(UroToday.com) The 2022 Advanced Prostate Cancer Consensus Conference (APCCC) Hybrid Meeting included a session on the management of metastatic hormone sensitive prostate cancer (mHSPC) and a presentation by Dr. Bertrand Tombal discussing de-escalation strategies in mHSPC. Dr. Tombal started his presentation by highlighting the current landscape of advanced prostate cancer as it stands in 2022:
Dr. Tombal then illustrated two clinical cases of high-risk patients (PSA > 40 ng/mL, T3a, Gleason >=8) in order to highlight how heterogeneous staging is and how it affects treatment. Patient #1 had several right common iliac positive nodes, was staged as N1M0 and received radiotherapy to the prostate + 2 years + abiraterone. Patient #2 had several bone mets in the T-spine, was staged as N0M1b and subsequently received radiotherapy to the primary (+/- metastasis directed therapy) + ADT + ARTA until disease progression (which may be a long, long time). Thus two, very similar clinical pictures, but patient #1 having a finite treatment schedule, and patient #2 having perhaps prolonged (or even lifelong) therapy. According to the EMA, treatment optimization is “a process intended to enhance the long-term efficacy, adherence, safety, convenience, and affordability of a therapy. Its ultimate goal is to expand access to effective treatment to all of those it will benefit.” So, the question is: What is the optimal duration of ADT and/or ARTA to be administered to obtain a similar efficacy while improving health-related quality of life and reduce resource utilization? Can we use intermittent regimens in selected patients? ADT + ARTA, ADT + ARTA followed by ADT alone, ADT + ARTA followed by ARTA?
Looking back at the historic intermittent versus continuous ADT in prostate cancer data, Dr. Tombal highlighted the 2013 study by Hussain et al.  that enrolled 3,040 patients with mHSPC, with good performance status (0-2), and PSA >= 5 ng/mL. Patients were subsequently treated with 7 months of goserelin + bicalutamide, and after 7 months of complete androgen blockade, 1,535 eligible men achieved a PSA <= 4.0 ng/mL. Among these men, 765 were then randomly assigned to continuous androgen deprivation and 770 assigned to intermittent androgen deprivation. Over a median follow-up of 9.8 years, the median survival was 5.8 years in the continuous-therapy group and 5.1 years in the intermittent-therapy group (HR for death with intermittent therapy, 1.10; 90% CI 0.99 to 1.23):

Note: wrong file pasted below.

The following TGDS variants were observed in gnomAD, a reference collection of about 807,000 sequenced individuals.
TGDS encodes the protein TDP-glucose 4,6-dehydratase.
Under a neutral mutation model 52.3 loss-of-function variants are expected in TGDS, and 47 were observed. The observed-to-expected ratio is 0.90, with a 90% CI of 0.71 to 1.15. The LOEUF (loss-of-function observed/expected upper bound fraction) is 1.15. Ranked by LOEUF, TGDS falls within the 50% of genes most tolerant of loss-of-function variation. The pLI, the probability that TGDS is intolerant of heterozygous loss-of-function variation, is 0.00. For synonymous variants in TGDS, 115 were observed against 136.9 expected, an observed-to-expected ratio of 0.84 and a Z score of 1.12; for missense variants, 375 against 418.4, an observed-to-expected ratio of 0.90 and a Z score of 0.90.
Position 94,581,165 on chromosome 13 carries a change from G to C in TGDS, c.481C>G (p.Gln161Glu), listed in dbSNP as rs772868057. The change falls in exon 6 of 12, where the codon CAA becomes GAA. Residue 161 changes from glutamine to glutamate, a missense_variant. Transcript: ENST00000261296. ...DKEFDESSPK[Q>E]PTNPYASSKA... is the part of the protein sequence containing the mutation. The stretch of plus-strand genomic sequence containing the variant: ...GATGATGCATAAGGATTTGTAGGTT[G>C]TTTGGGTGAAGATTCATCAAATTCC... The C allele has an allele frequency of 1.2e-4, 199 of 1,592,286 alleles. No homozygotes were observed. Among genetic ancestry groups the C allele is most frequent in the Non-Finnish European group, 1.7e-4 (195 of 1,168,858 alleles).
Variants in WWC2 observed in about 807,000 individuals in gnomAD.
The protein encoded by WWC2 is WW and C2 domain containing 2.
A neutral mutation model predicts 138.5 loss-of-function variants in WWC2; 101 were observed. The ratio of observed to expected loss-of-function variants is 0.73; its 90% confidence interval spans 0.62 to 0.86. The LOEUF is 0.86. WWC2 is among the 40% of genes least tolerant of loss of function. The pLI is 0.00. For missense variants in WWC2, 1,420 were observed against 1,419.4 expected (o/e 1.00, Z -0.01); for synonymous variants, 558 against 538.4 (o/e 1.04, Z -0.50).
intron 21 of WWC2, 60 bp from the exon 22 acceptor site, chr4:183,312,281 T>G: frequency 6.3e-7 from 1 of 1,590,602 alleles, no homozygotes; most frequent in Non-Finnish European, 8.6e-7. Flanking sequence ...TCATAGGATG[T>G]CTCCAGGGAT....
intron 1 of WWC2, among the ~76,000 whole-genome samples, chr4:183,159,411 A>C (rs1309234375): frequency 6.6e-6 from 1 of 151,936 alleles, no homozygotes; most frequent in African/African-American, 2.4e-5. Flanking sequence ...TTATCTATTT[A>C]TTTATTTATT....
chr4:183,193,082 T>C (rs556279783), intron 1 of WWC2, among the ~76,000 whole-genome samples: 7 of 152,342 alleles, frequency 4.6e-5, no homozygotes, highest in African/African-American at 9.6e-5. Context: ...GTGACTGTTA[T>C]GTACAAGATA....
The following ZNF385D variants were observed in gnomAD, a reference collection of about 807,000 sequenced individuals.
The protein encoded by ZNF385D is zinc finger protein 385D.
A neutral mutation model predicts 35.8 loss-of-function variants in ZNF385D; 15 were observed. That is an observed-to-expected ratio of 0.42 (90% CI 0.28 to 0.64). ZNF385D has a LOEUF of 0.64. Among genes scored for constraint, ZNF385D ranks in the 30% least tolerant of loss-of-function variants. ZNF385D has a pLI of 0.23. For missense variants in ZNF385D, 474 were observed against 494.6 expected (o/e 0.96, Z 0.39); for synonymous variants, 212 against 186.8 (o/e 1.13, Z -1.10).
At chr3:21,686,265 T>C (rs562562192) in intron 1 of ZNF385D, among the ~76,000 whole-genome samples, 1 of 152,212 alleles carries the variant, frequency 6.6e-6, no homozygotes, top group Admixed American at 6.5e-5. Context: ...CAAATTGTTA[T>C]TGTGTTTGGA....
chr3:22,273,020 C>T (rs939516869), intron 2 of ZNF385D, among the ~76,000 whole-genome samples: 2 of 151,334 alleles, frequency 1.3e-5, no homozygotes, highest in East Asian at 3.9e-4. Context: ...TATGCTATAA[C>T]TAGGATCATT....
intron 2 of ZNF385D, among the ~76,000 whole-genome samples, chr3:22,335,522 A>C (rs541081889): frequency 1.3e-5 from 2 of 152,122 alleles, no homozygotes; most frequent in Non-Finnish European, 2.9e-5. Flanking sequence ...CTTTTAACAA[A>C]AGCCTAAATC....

A subsequent systematic review of 4 randomized trials found no difference between intermittent androgen blockade and continuous androgen blockade (HR 1.02, 95% CI 0.93-1.11). Several studies have subsequently shown that intermittent ADT is associated with improved physical capacity and improved sexual function. When assessing the minimal duration of ADT and/or ARTA to be administered Dr. Tombal believes that we can use intermittent regimens in selected patients.
Perhaps there are indications based on PSA response for which patients we may be able to assess for treatment de-escalation. Data from the SWOG 9346 (INT-0162) trial demonstrated that PSA after ADT is a strong independent predictor of survival in new metastatic prostate cancer . As follows is the overall survival by PSA status at the end of ADT induction, notably with worse survival for PSA > 4.0 vs 0.2 < PSA <= 4.0 vs PSA <= 0.2:
Additionally, seven-month PSA is prognostic in mHSPC treated with ADT with or without docetaxel as reported in a follow-up study from the CHAARTED data :
Furthermore, work presented at ASCO 2020 suggests that PSA kinetics among patients treated with apalutamide in the TITAN trial was associated with improved rPFS, specifically PSA50 response and 6 month depth of PSA response:
But is PSA enough? Perhaps not. Going back to the aforementioned cases, Dr. Tombal notes that for patient #1, his PSA after radiotherapy to the prostate and lymph nodes + ADT was 0.1 ng/mL, however less than 1 year later his PSA was up to 7 ng/mL with diffuse metastatic disease.
Dr. Tombal concluded his presentation of treatment de-escalation in mHSPC with the following take-home messages:
- There is clearly an opportunity to optimize/de-escalate intensified treatment in selected patients
- This requires a proper trial, as we should not break the equipoise simply because we believe or do not believe a concept
- These trials will be long and difficult (obtaining funding), but we should do them
Presented By: Bertrand Tombal, MD, PhD, Cliniques Universitaires Saint Luc, Brussels, Belgium
Written By: Zachary Klaassen, MD, MSc – Urologic Oncologist, Assistant Professor of Urology, Georgia Cancer Center, Augusta University/Medical College of Georgia, @zklaassen_md on Twitter during the 2022 Advanced Prostate Cancer Consensus Conference (APCCC) Annual Hybrid Meeting, Lugano, Switzerland, Thurs, Apr 28 – Sat, Apr 30, 2022.References:
- Hussain M, Tangen CM, Berry DL, et al. Intermittent versus continuous androgen deprivation in prostate cancer. N Engl J Med 2013;368:1314-1325.
- Hussain M, Tangen CM, Higano C, et al. Absolute Prostate-Specific Antigen value aftter androgen deprivation is a strong independent predictor of survival in new metastatic prostate cancer: Data from the Southwest Oncology Group Trial 9346 (INT-0162). J Clin Oncol. 2016 Aug 20;24(24):3984-3990.
- Harshman LC, Chen YH, Liu G, et al. Seven-Month Prostate-Specific Antigen is Prognostic in Metastatic Hormone-Sensitive Prostate Cancer Treated with Androgen Deprivation with or Without Docetaxel. J Clin Oncol. 2018 Feb 1;36(4):376-382.